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EtymologyEdit

Named from the hypnotist character in George du Maurier's novel Trilby. More at citations.

PronunciationEdit

NounEdit

svengali (plural svengalis)

  1. One who manipulates or controls another as by some mesmeric or sinister influence; especially a coach, mentor or industry mogul.
    • 2005 October 15, in the Hamilton Spectator:
      She also offers a fascinating glimpse into a more innocent age before svengalis began colluding with marketing men and TV execs to promote talentless wannabes to overnight success.
    • 2016 February 2016, in Hugh Hewitt's "Six reasons Trump is still better than Clinton" in the Washington Examiner:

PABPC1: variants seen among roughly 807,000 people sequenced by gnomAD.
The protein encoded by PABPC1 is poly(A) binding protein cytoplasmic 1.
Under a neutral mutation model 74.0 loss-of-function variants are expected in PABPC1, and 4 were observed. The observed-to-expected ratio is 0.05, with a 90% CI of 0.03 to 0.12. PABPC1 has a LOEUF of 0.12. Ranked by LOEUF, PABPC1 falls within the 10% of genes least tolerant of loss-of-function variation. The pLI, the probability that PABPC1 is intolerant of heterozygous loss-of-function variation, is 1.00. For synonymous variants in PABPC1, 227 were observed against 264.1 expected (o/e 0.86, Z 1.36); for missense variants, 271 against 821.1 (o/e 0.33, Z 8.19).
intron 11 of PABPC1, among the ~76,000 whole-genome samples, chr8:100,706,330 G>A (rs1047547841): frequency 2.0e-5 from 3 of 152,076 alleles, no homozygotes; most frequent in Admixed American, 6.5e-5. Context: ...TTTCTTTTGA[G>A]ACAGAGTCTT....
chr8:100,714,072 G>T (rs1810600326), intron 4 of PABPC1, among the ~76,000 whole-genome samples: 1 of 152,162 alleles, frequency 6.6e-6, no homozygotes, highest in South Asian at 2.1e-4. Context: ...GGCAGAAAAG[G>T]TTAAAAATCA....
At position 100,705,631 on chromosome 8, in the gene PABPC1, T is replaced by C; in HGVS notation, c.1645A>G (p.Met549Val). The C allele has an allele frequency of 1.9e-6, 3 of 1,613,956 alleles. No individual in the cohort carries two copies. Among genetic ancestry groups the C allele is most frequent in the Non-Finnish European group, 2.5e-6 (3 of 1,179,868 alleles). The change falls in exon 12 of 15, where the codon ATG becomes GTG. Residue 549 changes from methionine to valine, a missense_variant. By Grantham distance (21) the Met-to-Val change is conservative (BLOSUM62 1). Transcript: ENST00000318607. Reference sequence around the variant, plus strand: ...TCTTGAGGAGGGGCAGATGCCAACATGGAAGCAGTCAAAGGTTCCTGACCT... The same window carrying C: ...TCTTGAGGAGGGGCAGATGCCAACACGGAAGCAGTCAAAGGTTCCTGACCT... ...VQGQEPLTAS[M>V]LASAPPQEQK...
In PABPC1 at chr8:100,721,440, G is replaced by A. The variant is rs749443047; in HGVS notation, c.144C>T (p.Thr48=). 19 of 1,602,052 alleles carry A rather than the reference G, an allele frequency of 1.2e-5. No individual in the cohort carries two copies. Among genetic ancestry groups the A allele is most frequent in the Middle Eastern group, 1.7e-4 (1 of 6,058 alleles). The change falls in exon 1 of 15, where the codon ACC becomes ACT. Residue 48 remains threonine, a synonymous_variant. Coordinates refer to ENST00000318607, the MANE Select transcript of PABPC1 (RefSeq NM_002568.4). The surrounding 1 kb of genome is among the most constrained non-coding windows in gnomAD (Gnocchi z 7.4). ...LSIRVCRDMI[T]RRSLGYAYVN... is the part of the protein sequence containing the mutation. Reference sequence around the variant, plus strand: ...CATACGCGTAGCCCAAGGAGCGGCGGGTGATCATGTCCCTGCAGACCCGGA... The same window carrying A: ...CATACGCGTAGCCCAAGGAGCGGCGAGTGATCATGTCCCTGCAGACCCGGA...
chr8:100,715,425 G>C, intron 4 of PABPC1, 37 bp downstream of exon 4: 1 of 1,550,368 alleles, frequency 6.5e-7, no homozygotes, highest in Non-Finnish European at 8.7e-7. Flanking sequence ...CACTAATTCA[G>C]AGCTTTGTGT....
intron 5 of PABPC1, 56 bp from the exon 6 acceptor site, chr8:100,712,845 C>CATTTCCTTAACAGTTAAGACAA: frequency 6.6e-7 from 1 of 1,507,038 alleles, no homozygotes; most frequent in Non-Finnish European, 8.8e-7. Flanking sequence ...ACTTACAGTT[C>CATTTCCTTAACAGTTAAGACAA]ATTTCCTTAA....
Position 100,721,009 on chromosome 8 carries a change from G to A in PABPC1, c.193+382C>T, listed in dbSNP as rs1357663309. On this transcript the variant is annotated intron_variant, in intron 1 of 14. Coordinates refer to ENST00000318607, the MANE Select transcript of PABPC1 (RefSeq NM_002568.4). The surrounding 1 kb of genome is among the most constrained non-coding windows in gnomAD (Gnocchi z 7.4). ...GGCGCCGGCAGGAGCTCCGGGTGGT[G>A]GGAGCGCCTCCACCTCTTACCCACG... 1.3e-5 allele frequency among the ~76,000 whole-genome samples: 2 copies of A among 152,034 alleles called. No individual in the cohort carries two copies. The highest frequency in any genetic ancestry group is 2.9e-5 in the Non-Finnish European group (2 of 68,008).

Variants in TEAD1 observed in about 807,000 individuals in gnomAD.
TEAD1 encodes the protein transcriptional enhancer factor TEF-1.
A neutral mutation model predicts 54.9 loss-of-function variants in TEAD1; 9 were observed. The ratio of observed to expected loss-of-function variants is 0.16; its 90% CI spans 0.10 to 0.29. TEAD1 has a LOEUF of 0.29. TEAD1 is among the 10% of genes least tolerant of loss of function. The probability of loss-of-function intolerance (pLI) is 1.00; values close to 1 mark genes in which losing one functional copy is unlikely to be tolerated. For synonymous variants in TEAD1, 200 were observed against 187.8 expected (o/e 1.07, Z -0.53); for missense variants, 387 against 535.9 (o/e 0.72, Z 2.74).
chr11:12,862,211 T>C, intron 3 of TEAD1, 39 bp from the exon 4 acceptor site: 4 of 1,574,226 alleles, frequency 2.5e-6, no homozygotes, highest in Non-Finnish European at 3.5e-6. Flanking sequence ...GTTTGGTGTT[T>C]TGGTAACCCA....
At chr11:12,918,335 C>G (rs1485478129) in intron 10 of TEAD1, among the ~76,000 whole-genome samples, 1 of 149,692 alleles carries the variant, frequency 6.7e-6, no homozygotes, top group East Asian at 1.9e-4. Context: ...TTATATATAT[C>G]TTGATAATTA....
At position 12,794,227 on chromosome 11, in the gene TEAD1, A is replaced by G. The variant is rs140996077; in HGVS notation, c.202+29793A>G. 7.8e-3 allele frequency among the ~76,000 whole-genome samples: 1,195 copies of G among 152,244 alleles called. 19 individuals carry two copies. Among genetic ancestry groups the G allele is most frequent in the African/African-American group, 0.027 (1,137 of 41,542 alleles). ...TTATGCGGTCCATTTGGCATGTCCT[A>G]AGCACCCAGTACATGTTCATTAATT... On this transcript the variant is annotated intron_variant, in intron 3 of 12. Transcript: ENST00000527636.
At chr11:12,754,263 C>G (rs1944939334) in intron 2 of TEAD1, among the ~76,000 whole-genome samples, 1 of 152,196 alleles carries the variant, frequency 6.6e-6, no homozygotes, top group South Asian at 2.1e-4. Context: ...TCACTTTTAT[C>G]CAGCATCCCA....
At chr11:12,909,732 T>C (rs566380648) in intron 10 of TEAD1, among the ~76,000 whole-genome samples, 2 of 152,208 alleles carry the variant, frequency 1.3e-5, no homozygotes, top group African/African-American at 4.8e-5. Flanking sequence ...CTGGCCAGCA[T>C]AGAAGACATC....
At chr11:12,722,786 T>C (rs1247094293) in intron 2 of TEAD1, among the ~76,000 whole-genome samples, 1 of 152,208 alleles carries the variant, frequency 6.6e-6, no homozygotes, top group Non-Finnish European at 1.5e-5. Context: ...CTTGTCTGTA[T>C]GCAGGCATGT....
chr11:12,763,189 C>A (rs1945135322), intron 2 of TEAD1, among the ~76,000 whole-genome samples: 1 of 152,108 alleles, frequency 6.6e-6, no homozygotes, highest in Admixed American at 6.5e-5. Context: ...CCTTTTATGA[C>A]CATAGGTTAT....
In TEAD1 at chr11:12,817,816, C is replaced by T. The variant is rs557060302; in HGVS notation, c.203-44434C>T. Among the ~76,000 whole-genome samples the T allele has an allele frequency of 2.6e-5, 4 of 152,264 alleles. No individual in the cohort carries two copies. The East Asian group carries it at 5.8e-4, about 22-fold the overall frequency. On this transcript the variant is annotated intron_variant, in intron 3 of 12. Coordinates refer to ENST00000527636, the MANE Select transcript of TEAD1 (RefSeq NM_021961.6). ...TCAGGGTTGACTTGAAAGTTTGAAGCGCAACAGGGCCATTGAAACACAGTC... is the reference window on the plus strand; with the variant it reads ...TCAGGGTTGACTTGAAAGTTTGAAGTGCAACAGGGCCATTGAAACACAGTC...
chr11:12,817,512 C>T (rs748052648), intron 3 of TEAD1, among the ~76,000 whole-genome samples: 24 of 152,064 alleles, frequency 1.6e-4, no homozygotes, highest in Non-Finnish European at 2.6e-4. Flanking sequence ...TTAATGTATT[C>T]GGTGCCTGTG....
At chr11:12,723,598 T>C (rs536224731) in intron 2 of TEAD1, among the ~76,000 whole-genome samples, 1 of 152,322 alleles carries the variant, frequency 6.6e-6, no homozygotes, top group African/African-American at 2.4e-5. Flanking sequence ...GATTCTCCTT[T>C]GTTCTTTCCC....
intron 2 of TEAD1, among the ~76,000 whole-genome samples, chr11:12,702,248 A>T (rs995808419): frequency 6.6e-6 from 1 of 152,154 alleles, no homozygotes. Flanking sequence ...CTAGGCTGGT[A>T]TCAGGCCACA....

Donald's daughter and Svengali Ivanka is a smart, smart, smart lady with an extraordinary intellect and influence on her father.
    • 2016 November 18, Jamelle Bouie, “Government by the Worst Men”, in Slate[1]:
      We have Stephen Bannon, the former head of Breitbart known for his open ties to white supremacists, anti-Semites, and foreign reactionaries in France and Russia. Bannon is a Svengali of sorts for the ugliest forces in American and international politics, a man who believes the Western world is in a fundamental struggle with Islam and who sees multiculturalism and liberal openness as a threat to the future of the West.

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